The score was the total number of reps (and calories on the rower) added up over all three rounds. What is great about this workout is that by doing the movements correctly you are forced to do a minimum amount of work for each rep and the more reps you get overall indicates your ability put out power for the duration of a fight.
“The Death Race”
5 rounds for time of:
- 15 Calories Bike
- 10 Burpees
This is a “gas pedal” workout: you step on the gas and go! There is no rest. You have to hit this hard and fast. Getting this workout done in under 7 minutes will require you to go to a dark place. If you want to be physically and mentally prepared for a competition, strive to do this workout as fast as possible.
“StrongFit Conditioning Benchmark”
Originally this workout was written as 8 minutes with a 140lb sandbag. I suggest you set the clock to match your rank level: 5 minutes for white, 6 for blue, etc. The weight should be 60-70% of your body weight. So a 200lb black belt should be carrying a 120-140lb sandbag for 10 minutes. This is just a simple and painful workout that will test your fortitude.
Pick up the bag and bear hug it or Zercher it and do 5, below-parallel squats, walk 50ft and turn around and do 5 more squats and walk back. Repeat this as many times as you can during the time. The less you drop the bag the better. The more rounds you do the better. An average of a round per minute is pretty good. You want to exceed that by as much as possible. Hugging a heavy sandbag is a good facsimile for grappling with another human of similar size.
CrossFit Open Workout 12.1
This is by far the simplest workout you can do to determine your readiness. The original workout is simple: perform as many burpees as you can in 7 minutes. In its original form the burpees were done to a target six inches above the athlete’s max reach. This dramatically impacts your score. I suggest you modify this to a time that corresponds to your belt level: 5 minutes for white belt, 6 for blue, etc. I also recommend you try it with and without the target. An average of about 12 burpees per minute with a target (and 15 without a target) is excellent. If you can move at that pace it will be hard for someone to out work your during your match.
There are lots of ways to train and there is no guaranty that being stronger or faster or doing more burpees will get you a medal. But being in good shape gives you confidence it gives you a leg up on your opponent. It’s one less thing you have to worry about when you’re on the mat. Go work fucking harder.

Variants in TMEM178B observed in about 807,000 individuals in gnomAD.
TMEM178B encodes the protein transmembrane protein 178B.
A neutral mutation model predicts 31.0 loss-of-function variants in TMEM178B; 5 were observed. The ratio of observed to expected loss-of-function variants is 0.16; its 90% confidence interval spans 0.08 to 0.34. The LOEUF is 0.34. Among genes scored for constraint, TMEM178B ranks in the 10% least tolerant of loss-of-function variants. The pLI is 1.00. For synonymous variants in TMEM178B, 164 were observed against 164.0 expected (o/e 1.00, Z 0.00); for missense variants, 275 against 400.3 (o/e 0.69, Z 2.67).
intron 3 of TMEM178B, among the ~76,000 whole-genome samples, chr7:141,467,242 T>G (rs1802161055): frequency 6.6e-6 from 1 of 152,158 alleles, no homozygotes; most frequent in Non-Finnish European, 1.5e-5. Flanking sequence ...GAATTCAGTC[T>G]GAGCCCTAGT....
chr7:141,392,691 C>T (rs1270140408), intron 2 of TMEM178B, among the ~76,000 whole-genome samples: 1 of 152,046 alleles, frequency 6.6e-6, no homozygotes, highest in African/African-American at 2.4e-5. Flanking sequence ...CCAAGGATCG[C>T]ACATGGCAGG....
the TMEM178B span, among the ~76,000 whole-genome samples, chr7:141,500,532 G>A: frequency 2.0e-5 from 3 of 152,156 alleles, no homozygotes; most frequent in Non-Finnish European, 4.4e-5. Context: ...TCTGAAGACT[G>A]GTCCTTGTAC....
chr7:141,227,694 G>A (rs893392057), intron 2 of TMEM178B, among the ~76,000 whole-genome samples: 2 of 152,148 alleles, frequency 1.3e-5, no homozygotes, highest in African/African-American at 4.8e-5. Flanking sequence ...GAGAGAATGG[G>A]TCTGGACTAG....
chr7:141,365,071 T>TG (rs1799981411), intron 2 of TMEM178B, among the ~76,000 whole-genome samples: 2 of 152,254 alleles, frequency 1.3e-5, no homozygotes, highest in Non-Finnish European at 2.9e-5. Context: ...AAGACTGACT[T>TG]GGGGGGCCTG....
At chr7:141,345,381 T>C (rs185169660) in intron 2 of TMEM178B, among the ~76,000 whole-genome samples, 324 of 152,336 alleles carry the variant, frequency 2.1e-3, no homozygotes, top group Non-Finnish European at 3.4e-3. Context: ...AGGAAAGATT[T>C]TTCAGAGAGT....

Much of learning jiujitsu is learning how to react in specific scenarios. If he does this, I do this. If he does that, then I do this. After all it is a fighting sport and our actions depend on our opponent’s reactions and vice versa. As a teacher of the gentle art, I have to remember to teach both sides of the coin. I often see my students fail to perform a move successfully due to their training partner not creating the proper scenario. That is a failure on my part to adequately teach each player how to be a super friend. This means I have to teach people that they are BOTH drilling all the time. Often students think that drilling means one person is doing the move and the other person is totally passive and resting. That’s never the case. In jiujitsu both participants are always participating all the time. One must be a superfriend for his or her training partners and actively create the scenario for the moves to work. If you do not take the shot, I cannot adequately learn to sprawl. I do not sprawl, then you cannot learn how to transition to the defense to the sprawl. Everyone must play their part all the time. That is what being a superfriend is about.
One of the keys to mastering something is deliberate practice. One of the hallmarks of deliberate practice is instant feedback and error correction. If I’m coaching you on back squats and I cheer you on for the session and then while you are cooling down and stretching, I mention that you weren’t squatting deep enough and that your weight was too far forward in your toes, that information is of little value to you. It’s feedback but it is delivered far too late for you to act on it. You will have to wait until the next session and will likely forget. Immediate feedback is what I need to give you as a coach. I need to tell you during your set of squats to go deeper and to shift your weight back into your heels. Somewhere during our session you should be making these corrections if you want to eventually improve at the squat.